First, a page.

I have question about surface building commands in rhino …when I can build a surface by more than one method(loft/patch/2railsweep etc.) which one should i choose ? in other words i need to know for what specific purpose each of this commands were included in rhino
if you hit F1 while in the command it pulls up a detailed help description of the command.
my question wasn’t about how to use surface building commands ! i need to know which surface building command is preferable in which scenario
That one is pretty much impossible to answer. If you come up with a list of all possible scenarios, perhaps …
A lot is just user preference, combined with user experience. There are so many ways of achieving the same result… No one is necessarily more right than the other.
Reasons for using a particular command can include"
- Available input curves, etc.
- Accuracy and degree of matching input curves/edges
- Shape of results
Loft uses one set of “section” curves. No control, besides options, of the shape between the curves. Options for the number of control points.
EdgeSrf uses 2, 3 or 4 edge curves and will exactly match the input curves but may have multi-knots. All edge curves contribute “equally” to the shape. No control of slope or curvature at the edges.
Sweep1 uses 1 rail curve and a set of section curves. The surface is created by blending the section curves along the rail. Multiple options for how the blending is done and how the rail curve affects the shape. Also options for the number of control points.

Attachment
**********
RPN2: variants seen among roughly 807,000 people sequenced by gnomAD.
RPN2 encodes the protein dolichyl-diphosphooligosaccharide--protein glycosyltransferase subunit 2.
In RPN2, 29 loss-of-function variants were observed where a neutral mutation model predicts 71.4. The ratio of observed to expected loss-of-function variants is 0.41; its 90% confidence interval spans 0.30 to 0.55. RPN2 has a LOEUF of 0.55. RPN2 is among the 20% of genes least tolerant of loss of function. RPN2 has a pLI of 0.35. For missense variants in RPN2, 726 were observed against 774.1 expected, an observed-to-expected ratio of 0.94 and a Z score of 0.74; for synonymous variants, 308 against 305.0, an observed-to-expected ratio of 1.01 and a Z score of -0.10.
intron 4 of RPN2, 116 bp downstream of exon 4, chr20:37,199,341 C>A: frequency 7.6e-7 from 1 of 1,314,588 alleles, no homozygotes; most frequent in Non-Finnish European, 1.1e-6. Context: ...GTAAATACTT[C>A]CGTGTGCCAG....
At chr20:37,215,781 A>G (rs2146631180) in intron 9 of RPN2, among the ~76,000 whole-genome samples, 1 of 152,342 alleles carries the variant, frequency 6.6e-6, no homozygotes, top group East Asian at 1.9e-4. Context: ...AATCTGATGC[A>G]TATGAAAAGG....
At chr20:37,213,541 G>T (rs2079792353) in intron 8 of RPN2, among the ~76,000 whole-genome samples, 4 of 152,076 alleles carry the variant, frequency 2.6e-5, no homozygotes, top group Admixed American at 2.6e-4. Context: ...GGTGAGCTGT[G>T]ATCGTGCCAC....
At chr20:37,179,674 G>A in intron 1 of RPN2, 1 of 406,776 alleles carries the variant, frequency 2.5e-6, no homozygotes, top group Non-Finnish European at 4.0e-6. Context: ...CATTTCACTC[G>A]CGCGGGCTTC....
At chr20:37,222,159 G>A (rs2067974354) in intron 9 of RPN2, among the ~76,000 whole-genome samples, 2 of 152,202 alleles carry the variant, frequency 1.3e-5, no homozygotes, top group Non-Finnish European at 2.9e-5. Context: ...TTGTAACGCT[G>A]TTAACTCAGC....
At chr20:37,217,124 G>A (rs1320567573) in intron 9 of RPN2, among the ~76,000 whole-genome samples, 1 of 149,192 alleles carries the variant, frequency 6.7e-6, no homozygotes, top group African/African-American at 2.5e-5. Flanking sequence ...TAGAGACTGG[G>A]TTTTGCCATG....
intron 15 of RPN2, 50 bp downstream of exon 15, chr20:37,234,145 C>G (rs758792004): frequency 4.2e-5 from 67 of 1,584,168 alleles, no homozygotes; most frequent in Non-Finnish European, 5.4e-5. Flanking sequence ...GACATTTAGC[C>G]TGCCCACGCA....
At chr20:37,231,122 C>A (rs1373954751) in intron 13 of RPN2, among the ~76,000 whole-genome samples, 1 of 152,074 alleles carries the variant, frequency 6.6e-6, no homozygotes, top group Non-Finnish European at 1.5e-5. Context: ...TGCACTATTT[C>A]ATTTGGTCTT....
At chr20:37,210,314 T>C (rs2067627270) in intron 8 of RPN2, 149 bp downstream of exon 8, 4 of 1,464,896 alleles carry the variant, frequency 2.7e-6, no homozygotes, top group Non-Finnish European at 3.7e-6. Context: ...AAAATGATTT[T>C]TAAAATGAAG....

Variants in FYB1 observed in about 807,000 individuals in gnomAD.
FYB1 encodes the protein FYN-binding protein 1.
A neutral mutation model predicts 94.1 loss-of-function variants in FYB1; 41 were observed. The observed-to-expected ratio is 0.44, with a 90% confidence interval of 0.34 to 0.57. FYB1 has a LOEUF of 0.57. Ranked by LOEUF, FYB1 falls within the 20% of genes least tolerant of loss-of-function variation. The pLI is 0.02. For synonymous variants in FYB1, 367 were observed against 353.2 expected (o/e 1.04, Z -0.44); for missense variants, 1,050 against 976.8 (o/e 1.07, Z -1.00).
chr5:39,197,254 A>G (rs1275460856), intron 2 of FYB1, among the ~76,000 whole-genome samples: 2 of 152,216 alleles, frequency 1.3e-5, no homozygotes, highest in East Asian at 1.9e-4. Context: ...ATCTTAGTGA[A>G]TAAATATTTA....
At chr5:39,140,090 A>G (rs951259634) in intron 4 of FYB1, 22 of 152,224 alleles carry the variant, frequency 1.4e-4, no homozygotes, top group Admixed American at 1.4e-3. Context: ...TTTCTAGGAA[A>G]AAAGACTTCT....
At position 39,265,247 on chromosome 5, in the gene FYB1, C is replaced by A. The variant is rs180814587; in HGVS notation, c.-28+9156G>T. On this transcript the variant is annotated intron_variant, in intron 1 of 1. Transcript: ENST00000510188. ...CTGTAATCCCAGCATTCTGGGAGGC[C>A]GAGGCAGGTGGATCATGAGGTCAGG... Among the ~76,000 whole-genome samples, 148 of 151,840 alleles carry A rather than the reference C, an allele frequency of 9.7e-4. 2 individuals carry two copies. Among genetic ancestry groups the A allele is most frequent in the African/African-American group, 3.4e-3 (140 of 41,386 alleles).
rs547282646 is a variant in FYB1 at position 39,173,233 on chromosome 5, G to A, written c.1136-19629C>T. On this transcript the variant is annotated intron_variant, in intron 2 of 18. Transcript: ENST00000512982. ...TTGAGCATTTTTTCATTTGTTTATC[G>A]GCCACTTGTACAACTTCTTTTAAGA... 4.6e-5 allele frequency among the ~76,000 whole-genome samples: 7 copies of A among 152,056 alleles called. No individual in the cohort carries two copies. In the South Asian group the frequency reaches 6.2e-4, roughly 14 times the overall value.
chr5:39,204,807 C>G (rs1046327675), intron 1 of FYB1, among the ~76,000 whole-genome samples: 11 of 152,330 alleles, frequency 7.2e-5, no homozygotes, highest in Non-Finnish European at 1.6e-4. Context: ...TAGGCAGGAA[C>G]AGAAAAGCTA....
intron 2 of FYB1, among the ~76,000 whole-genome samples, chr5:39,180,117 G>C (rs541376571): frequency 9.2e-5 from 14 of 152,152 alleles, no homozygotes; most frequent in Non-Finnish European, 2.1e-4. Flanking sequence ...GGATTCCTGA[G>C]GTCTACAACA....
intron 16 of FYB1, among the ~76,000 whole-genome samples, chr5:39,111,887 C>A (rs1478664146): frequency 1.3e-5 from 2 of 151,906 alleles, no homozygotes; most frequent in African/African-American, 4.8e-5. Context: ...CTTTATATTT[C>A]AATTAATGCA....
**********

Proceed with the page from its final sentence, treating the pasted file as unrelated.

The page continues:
Sweep2 uses 2 rail curves and a set of section curves. The surface is created by blending the section curves between the rails. Several options for how the blending is done. Options for degree of matching with surfaces with edges used as rail curve.
NetworkSrf uses a network of curves, and creates a surface with specified accuracy to those curves. Any kinks, etc are smoothed. Options for matching tangency and curvature of adjacent surfaces.
Patch creates a surface which is a “best fit” to the input. There are multiple ways to use Patch. Patch is best used when other commands won’t work.
Choice of which command to use depends on the available input information, required matching of input information, and desired shape.
Read the Help sections on each command including the information about the options.
Experiment. Spend some time creating sets of curves, and then create surfaces from the curves using different options with a single command, and using different commands. Compare the results. One of the advantages of CAD is the ease of trying something, then backing up and trying something else, without any cost for materials.
“undo” is such a useful command! Probably most frequently used, too.